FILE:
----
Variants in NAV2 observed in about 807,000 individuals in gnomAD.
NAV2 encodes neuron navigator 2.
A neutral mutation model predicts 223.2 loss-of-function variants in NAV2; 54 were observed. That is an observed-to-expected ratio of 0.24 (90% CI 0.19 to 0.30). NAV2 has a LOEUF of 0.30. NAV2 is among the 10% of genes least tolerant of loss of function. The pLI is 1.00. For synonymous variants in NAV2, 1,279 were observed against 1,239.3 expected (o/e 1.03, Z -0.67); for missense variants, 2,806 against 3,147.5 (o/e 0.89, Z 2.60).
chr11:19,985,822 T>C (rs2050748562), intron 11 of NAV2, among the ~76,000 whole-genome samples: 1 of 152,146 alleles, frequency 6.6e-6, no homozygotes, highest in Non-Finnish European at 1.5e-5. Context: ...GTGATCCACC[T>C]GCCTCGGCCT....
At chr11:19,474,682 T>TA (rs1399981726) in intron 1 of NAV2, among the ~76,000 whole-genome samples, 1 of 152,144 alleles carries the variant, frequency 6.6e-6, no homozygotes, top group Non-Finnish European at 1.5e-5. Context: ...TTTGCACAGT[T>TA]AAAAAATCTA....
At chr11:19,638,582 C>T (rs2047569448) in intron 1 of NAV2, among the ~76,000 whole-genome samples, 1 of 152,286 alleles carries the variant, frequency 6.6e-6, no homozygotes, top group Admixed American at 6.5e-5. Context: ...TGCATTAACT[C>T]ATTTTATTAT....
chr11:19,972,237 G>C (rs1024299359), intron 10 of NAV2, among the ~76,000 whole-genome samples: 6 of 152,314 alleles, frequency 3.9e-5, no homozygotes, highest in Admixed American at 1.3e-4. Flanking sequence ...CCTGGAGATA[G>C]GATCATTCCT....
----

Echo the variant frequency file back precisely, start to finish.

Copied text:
Variants in NAV2 observed in about 807,000 individuals in gnomAD.
NAV2 encodes neuron navigator 2.
A neutral mutation model predicts 223.2 loss-of-function variants in NAV2; 54 were observed. That is an observed-to-expected ratio of 0.24 (90% CI 0.19 to 0.30). NAV2 has a LOEUF of 0.30. NAV2 is among the 10% of genes least tolerant of loss of function. The pLI is 1.00. For synonymous variants in NAV2, 1,279 were observed against 1,239.3 expected (o/e 1.03, Z -0.67); for missense variants, 2,806 against 3,147.5 (o/e 0.89, Z 2.60).
chr11:19,985,822 T>C (rs2050748562), intron 11 of NAV2, among the ~76,000 whole-genome samples: 1 of 152,146 alleles, frequency 6.6e-6, no homozygotes, highest in Non-Finnish European at 1.5e-5. Context: ...GTGATCCACC[T>C]GCCTCGGCCT....
At chr11:19,474,682 T>TA (rs1399981726) in intron 1 of NAV2, among the ~76,000 whole-genome samples, 1 of 152,144 alleles carries the variant, frequency 6.6e-6, no homozygotes, top group Non-Finnish European at 1.5e-5. Context: ...TTTGCACAGT[T>TA]AAAAAATCTA....
At chr11:19,638,582 C>T (rs2047569448) in intron 1 of NAV2, among the ~76,000 whole-genome samples, 1 of 152,286 alleles carries the variant, frequency 6.6e-6, no homozygotes, top group Admixed American at 6.5e-5. Context: ...TGCATTAACT[C>T]ATTTTATTAT....
chr11:19,972,237 G>C (rs1024299359), intron 10 of NAV2, among the ~76,000 whole-genome samples: 6 of 152,314 alleles, frequency 3.9e-5, no homozygotes, highest in Admixed American at 1.3e-4. Flanking sequence ...CCTGGAGATA[G>C]GATCATTCCT....